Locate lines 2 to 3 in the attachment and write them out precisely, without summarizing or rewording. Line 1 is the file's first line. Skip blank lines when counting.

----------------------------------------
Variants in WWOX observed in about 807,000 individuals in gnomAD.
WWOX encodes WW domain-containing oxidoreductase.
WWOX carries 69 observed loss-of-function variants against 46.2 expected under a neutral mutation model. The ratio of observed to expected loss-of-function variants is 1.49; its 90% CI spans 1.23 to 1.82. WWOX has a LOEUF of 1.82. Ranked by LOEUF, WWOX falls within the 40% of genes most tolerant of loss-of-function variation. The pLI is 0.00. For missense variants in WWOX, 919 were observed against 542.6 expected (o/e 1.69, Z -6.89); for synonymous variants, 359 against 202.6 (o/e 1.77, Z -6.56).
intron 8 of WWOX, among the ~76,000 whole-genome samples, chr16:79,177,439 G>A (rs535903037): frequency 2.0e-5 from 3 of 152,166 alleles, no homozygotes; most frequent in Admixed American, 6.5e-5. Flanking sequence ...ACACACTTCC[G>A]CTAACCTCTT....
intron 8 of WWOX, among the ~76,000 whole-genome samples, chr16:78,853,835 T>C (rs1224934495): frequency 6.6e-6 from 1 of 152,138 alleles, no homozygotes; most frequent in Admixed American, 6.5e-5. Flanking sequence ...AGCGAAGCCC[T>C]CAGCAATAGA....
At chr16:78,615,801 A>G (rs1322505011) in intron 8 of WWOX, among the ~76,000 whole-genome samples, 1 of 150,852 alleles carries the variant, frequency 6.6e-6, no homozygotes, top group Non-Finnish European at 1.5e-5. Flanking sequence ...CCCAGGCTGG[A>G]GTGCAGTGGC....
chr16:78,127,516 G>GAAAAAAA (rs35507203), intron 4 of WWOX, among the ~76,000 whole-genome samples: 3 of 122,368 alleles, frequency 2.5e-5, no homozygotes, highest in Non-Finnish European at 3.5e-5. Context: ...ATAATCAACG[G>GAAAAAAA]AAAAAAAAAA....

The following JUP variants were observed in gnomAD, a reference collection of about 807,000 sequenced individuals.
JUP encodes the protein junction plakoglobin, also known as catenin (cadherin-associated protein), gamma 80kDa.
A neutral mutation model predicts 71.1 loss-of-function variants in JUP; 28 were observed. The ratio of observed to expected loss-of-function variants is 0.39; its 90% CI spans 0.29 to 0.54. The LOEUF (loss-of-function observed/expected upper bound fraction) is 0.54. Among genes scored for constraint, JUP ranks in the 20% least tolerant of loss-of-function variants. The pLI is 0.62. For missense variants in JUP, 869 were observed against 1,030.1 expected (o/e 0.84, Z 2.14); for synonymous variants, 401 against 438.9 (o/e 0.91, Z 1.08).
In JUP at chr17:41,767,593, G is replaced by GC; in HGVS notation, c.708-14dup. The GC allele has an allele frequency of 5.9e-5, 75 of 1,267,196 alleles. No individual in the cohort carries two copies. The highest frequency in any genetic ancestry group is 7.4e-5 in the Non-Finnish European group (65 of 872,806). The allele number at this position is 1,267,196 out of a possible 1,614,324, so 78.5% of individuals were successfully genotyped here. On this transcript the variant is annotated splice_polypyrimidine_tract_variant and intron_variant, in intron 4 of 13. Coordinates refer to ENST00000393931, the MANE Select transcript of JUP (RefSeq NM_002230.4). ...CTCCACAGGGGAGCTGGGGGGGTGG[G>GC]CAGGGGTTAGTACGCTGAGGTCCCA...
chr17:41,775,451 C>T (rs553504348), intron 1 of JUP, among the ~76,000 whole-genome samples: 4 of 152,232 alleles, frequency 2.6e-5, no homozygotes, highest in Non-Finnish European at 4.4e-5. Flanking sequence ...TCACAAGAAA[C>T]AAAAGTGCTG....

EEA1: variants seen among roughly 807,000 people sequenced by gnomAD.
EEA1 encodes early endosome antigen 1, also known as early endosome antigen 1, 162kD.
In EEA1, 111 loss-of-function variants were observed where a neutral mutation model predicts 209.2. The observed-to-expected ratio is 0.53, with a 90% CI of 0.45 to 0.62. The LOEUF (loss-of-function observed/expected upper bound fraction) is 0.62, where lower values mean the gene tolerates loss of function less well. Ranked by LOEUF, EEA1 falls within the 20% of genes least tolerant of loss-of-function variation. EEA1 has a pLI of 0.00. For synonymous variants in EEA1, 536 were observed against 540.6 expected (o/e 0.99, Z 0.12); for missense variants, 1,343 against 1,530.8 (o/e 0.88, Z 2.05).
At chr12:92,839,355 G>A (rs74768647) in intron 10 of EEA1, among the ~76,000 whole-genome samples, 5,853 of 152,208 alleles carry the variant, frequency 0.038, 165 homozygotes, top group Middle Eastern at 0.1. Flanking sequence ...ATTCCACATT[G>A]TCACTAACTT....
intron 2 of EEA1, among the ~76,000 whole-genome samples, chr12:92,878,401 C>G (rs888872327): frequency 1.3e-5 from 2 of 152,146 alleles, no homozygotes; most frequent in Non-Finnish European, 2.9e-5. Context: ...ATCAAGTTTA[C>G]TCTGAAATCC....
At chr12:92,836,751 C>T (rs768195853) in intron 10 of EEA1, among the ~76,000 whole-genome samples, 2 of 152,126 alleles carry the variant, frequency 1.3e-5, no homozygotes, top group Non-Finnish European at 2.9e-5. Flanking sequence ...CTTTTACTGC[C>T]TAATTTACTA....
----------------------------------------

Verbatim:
WWOX encodes WW domain-containing oxidoreductase.
WWOX carries 69 observed loss-of-function variants against 46.2 expected under a neutral mutation model. The ratio of observed to expected loss-of-function variants is 1.49; its 90% CI spans 1.23 to 1.82. WWOX has a LOEUF of 1.82. Ranked by LOEUF, WWOX falls within the 40% of genes most tolerant of loss-of-function variation. The pLI is 0.00. For missense variants in WWOX, 919 were observed against 542.6 expected (o/e 1.69, Z -6.89); for synonymous variants, 359 against 202.6 (o/e 1.77, Z -6.56).